Richard Muller is President of Muller & Associates, Professor of Physics at the University of California at Berkeley and Faculty Senior Scientist at the Lawrence Berkeley Laboratory.
He is also a MacArthur Prize winner and a serious expert on energy, environment, geophysics, applied physics, technology, and fundamental physics, including energy efficiency and conservation, solar power, nuclear power and waste storage, coal and clean coal, natural gas, oil, batteries, fuel cells, transmission lines and smart grid, bio and other alternative fuels, and more. That's a lot of expertise.
Muller & Associates has a sterling roster of clients -- governmental, international, and private -- that attests to Mr. Muller's reputation and skills. You can see that list here.
Muller wrote an op-ed for the Wall Street Journal at the end of last year in which he clarified some really inconvenient truths about China and carbon.
This week, at a dinner hosted by San Francisco-based venture capital firm CMEA and emceed by CMEA partner Maurice Gunderson, Muller gave an impassioned diatribe on our carbon future.
It's a difficult story.
And it's mostly about China, not the U.S.
In Muller's opinion, a watershed moment occurred in 2006. That's when China assumed the dubious mantle of being a larger emitter of carbon than the U.S.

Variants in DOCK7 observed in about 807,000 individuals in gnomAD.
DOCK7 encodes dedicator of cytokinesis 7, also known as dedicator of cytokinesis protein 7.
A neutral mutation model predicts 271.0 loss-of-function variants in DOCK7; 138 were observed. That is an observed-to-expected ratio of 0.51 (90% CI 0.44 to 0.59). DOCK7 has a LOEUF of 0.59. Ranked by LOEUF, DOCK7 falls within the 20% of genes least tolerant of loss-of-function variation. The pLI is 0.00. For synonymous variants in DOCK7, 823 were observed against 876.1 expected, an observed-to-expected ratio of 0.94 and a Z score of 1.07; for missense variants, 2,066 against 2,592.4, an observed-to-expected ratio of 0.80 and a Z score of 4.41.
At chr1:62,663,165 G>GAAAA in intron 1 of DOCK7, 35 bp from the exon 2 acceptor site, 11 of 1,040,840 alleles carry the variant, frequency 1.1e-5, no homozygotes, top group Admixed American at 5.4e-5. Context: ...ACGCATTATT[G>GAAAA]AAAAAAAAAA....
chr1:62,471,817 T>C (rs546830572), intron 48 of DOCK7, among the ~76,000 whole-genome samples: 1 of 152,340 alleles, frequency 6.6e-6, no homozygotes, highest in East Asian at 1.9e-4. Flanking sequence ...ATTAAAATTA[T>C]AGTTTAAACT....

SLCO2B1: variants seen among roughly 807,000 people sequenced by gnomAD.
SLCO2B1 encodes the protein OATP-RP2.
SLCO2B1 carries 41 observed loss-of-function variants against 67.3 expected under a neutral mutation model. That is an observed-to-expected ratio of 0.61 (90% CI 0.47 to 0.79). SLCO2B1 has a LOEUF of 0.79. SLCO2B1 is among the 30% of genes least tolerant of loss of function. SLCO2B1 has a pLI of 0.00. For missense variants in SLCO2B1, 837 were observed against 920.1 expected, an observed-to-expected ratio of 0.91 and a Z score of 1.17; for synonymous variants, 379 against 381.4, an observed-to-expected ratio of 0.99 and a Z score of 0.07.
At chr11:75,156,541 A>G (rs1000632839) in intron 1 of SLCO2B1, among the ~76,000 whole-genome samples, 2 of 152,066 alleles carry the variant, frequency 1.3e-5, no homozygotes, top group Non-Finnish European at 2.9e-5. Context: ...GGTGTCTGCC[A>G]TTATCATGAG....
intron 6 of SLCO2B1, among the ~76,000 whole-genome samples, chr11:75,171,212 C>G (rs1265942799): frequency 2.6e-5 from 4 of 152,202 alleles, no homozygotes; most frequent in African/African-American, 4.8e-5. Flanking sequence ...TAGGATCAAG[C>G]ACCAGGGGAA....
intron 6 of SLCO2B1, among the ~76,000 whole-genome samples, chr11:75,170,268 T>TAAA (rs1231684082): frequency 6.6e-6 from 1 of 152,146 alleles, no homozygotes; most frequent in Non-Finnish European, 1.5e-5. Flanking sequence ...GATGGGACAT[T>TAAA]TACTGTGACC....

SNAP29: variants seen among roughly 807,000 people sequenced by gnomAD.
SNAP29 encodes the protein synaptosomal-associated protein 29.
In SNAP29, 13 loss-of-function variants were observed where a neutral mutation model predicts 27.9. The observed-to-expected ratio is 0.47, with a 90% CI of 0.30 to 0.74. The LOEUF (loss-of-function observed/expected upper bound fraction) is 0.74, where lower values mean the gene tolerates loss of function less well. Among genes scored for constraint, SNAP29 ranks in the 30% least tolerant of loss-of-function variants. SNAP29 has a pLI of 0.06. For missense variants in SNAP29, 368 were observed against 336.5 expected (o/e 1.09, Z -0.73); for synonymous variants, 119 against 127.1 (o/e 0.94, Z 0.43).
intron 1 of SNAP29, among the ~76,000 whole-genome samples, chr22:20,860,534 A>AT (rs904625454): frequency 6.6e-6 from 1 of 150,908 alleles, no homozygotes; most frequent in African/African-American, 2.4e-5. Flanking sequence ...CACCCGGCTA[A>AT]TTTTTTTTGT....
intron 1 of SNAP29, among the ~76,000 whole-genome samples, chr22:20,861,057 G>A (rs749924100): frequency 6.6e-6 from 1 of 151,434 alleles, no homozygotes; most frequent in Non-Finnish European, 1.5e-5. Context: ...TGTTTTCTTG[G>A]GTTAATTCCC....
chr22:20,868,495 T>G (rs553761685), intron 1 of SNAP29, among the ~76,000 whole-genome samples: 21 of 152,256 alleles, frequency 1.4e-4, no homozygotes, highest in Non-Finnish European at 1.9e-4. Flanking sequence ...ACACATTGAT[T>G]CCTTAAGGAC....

China has had an annual growth rate of 10 percent for the last several years. If that growth rate continues, in ten years China will be emitting four times the carbon of the U.S., meaning that the U.S. becomes an insignificant producer of carbon whether we go green or not.
The bottom line according to Mr. Muller is that, "We need cheap green, not expensive green." Any technology that will not work in China or India is "feel-good technology." HEVs like the Prius fall into that category according to Muller. This fits in with investor Vinod Khosla's take on solving the "Chindia problem."
Global warming, according to Muller, "is a serious problem, but it has been exaggerated by Al Gore and Tom Friedman." Almost everything said in Al Gore's An Inconvenient Truth was exaggerated, in Muller's view.
Muller finished with these words: "If you are seriously worried about global warming, the solution is in technology adopted by India and China. If you can't come up with cheap green, then the alternative is prayer."
Prof. Muller wrestling with carbon issue